“Gashadokuro” (がしゃどくろ) | Japanese horror legends
It is a mythological creature that feeds on the bones of humans.
“Jinmenken” (人面犬) | Japanese horror legends
A mythological creature with a human face and a dog’s body, they are said to roam the streets and can talk like humans. Legend has it that in the streets where it rained a lot or with little light, there were many rumors of seeing “dog-faced” animals.
“Okiku” (お菊) | Japanese horror legends
It is the legend of a maid who was falsely accused of stealing a valuable dish and was condemned to die in a well. Her ghost is said to still haunt the well, counting the pots and seeking revenge.
“Rokurokubi” (ろくろ首) | Japanese horror legends
It is a mythological creature with a long, elastic neck that can stretch to attack its victims.
“Kasa-Obake” (傘お化け) | Japanese horror legends
It is a spirit that dwells in umbrellas, it is said that it can change shape and attack people.
“Yuki-Onna” (雪女) | Japanese horror legends
It is the legend of a snow woman or snow spirit, who appears to people on days of heavy snow and can freeze them with her cold breath. She is said to be especially dangerous to travelers who get lost in the snow.
“Jorogumo” (絡新婦) | Japanese horror legends
It is a mythological creature that transforms into a beautiful woman to lure its victims and then reveals its true form as a giant spider.
“Nukekubi” (抜首) | Japanese horror legends
It is a mythological creature that can detach its head from its body and fly to attack its victims.
“Oni” (鬼) | Japanese horror legends
It is a demon or evil spirit from Japanese mythology, often depicted with horns, red skin and a scar on the forehead. They are said to be malicious and can cause trouble for people.
“Kasa Jizo” (傘地蔵) | Japanese horror legends
It is the legend of a statue of Jizo that is placed under umbrellas, said to be a protector of travelers and pilgrims.
“Hitodama” (人魂) | Japanese horror legends
It is the legend of a soul that separates from the body after death, and is seen as a ball of light or fire.
“Akaname” (赤面) | Japanese horror legends
Akaname are small, goblin-like yōkai that inhabit only the dirtiest houses and public toilets.
They are about the same height as a child or short adult, although they generally appear much smaller due to their hunched posture.
Akaname’s body is naked and their skin is oily like their hair, plus they have many colors and varieties, ranging from a dark green mold-like, to the reddish pink of ulcers.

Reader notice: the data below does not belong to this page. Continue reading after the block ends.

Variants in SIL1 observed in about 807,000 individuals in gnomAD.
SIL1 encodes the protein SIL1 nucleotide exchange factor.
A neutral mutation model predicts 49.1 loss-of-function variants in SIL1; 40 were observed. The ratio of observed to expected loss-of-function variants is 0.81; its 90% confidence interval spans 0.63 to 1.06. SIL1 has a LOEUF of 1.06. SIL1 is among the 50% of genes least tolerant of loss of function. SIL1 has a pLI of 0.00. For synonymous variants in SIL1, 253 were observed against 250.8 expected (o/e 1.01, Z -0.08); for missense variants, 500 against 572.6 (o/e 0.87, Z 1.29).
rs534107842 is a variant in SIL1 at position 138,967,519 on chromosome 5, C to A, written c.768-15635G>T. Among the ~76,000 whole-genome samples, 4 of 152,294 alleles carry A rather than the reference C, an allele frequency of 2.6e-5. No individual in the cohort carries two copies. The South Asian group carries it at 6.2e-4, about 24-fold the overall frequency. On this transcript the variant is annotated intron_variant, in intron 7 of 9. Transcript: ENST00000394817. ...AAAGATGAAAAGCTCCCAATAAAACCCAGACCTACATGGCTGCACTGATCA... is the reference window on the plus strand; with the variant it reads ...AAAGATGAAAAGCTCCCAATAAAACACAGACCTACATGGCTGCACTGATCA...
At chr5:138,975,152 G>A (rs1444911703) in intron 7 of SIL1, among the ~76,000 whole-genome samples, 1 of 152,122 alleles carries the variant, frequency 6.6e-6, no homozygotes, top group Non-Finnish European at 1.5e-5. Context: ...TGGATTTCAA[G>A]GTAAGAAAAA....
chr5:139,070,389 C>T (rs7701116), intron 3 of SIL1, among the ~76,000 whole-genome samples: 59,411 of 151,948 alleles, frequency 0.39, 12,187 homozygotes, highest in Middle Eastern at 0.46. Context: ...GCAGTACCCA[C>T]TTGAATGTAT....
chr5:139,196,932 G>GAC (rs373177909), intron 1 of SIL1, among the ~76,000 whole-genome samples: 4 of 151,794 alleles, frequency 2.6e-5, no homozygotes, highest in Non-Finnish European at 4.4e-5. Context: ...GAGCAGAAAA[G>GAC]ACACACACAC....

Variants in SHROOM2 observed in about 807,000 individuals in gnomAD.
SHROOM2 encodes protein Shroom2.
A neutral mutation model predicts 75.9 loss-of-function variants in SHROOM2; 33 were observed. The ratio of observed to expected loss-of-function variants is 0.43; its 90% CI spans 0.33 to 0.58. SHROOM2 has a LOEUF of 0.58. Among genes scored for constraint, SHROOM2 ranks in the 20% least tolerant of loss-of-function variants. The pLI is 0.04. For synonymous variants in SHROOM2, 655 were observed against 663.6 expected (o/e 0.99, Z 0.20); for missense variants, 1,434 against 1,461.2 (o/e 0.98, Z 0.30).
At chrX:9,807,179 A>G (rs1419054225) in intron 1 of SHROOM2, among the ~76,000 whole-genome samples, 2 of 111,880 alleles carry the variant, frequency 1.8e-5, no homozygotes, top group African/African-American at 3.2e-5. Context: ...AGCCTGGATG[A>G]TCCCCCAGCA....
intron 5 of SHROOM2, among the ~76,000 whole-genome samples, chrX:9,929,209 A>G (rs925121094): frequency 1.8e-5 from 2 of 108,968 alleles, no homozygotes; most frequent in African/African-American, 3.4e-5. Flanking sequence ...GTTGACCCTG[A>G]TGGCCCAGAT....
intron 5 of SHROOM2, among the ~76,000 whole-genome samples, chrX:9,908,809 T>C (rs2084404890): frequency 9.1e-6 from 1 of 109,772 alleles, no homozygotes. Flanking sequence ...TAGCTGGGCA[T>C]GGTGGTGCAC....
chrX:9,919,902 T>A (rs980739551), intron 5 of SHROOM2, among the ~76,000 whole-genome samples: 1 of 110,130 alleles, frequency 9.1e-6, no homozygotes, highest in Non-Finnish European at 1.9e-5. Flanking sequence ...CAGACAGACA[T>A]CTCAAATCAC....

They have an extremely long and sticky tongue, and use it to clean mold, grease, hair from the floor and other dirt found in bathhouses and behind toilets.
Akaname hate clean and well-kept homes, and only appear if you don’t clean them and are careless, they usually avoid humans but cause diseases that can sometimes become deadly.
So it is one of the Japanese horror legends that are not only to scare but also teach the value of cleanliness and neatness.
“Onryō” (怨霊) | Japanese horror legends
It is the Japanese horror legend, about a vengeful spirit of someone who died in a tragic or unjust way, it is said that they seek revenge on the living.
“Mokomokai” (モコモカイ) | Japanese horror legends
It is the Japanese legend of beings that resemble a human head sometimes with an animal body or tattooed, they are commonly seen in bars and taverns in Japan, so if they detect that you are an enemy or you are a bad person they will subject you to the tā moko and preserve you from loot.
The word Mokomokai refers to a skull with preserved Maori human heads, especially tā moko (tattooed faces), although they are also known as Toi moko.
When a person who had tā moko died, their head was smoked and preserved. The brain and eyes are also removed so that it does not rot, the aorta is hardened with flax fibers and sap, boiled or steamed, dried over natural fire, and waxed with shark oil to finish.
The resulting mokomokai is carefully preserved and sometimes used in sacred ceremonies.
“Jibashiri-Onna” (地走り女) | Japanese horror legends
It is the legend of a woman who crawls on the ground, usually appearing in the fields and mountains.
These are just a few more examples of popular urban legends in Japan, there are many more. Although these stories are considered to be Japanese horror legends, they are still an important part of Japanese popular culture and are part of the oral tradition.